As climate justice campaigners in the US ramp up their efforts to block the Keystone XL pipeline and First Nation activists foment a global 'Earth-centered' movement in Canada, scientists say a new study "conclusively" proves that tar sands oil is both highly carcinogenic and that toxic contamination in Alberta, Canada covers a much wider area than previously acknowledged.
Researchers involved in the independent but government-funded study say the report eviscerates claims by the industry that heightened levels of toxins found in Alberta could be "naturally occurring."
"If there was still a coffin to be nailed, I think this is kind of putting a lot of nails in the coffin."
"(That debate's) completely over," John P. Smol, a Queen's University professor and the study's lead author, told The Canadian Press. "If there was still a coffin to be nailed, I think this is kind of putting a lot of nails in the coffin."
The research, published Monday in the US journal Proceedings of the National Academy of Sciences, shows that since tar sands production began in earnest in 1978, deposits of PAHs—polycyclic aromatic hydrocarbons, carcinogens that rank among the top 10 hazardous substances on the US Agency for Toxic Substances and Disease Registry— have increased 2.5 to 23 times—to the point that some lakes are as contaminated as urban lakes.
Some types of PAHs have been linked to infertility, immune disorders and fish mutation, The Globe and Mail reports.
The study confirms what activists blocking the proposed Keystone XL Pipeline have long argued, which is that in addition to be toxic to the atmosphere when they are burned, extreme hydrocarbons like tar sands are extremely toxic to the local environment in and around the areas where they are mined.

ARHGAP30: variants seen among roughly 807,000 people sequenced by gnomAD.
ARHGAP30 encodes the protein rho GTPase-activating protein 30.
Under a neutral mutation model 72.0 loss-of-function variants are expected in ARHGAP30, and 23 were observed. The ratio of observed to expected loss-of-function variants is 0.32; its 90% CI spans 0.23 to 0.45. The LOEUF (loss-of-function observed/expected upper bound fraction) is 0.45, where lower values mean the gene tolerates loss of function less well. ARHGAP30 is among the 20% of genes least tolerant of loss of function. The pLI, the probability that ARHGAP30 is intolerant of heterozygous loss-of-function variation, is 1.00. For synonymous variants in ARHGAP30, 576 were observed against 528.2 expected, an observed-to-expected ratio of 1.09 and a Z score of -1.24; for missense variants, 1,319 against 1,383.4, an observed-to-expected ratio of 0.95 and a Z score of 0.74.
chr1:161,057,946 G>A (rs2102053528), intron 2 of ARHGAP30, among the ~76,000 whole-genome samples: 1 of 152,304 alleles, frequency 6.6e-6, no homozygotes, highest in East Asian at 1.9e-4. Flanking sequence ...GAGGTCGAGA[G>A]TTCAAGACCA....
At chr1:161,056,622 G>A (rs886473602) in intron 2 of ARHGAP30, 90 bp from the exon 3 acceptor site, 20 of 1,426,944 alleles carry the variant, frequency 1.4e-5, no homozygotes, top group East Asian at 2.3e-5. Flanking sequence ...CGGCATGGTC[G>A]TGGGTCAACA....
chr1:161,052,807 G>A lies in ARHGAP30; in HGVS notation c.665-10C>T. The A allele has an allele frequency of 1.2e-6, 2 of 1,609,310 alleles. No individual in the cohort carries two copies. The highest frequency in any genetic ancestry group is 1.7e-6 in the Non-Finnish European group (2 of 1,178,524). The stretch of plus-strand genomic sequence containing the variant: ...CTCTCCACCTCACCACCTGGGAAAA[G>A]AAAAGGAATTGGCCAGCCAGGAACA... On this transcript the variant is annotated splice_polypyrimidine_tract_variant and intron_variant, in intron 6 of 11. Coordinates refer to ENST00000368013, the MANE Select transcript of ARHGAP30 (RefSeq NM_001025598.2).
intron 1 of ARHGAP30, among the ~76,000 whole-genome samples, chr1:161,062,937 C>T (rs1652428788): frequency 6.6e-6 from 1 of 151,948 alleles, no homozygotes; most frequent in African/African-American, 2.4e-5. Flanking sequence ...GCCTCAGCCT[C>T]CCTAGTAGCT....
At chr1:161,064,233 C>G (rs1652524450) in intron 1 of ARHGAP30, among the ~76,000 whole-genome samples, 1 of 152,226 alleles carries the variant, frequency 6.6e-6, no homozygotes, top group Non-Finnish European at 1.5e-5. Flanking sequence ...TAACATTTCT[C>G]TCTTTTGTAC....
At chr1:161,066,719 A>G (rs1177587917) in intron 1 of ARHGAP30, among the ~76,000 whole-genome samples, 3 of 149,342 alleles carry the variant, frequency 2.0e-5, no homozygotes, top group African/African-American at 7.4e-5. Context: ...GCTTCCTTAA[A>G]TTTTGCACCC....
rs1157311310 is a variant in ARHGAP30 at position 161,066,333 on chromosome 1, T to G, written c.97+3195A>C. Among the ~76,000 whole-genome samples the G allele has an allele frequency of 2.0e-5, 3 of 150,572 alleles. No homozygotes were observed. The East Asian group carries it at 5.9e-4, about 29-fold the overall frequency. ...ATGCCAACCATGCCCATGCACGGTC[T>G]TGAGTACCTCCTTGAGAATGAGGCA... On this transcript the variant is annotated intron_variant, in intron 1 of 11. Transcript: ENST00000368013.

"Extraction of the tar sands is the most destructive project on the continent," said Audrey Campbell, an activist with the Tar Sands Blockade who was recently arrested in East Texas protesting ongoing construction of the southern US leg of the Keystone XL pipeline.
"This study once and for all lays to rest the popular propaganda that all the pollutants up there are from natural sources," University of Alberta water scientist David Schindler told the Edmonton Journal. Schindler said the increased pollution "track(s) almost exactly the rate of expansion in the (tar sands) industry."
SCROLL TO CONTINUE WITH CONTENT
Get our best delivered to your inbox.
At one remote lake, scientists found that PAH levels were 23 times higher than pre-development levels of 50 years ago, according to The Globe and Mail.
Not convinced by previous studies, the government demanded long-term data, Smol told The New York Times. So a research team including Environment Canada and Queen's University scientists, analyzed sediment dating back about 50 years from small, shallow lakes north of Fort McMurray, Alberta, the center of the tar sands industry.
Smol told the Times that he was not surprised at the findings, but shocked that the toxins were found so far north—about 50 miles from the tar sands site.
We’re not saying these are poisonous ponds. But it’s going to get worse. It’s not too late but the trend is not looking good ... Now we have the smoking gun.
“I think it’s pretty convincing evidence,” Schindler, who co-authored a 2010 study that revealed contaminants, such as mercury and lead, in the Athabasca River near the oil sands, told The Globe and Mail. “Hopefully, this will kill the all-the-pollutants-are-natural theory once and for all.”
Following video, Toxic Alberta, shows the devastating legacacy of tar sands extraction in the region: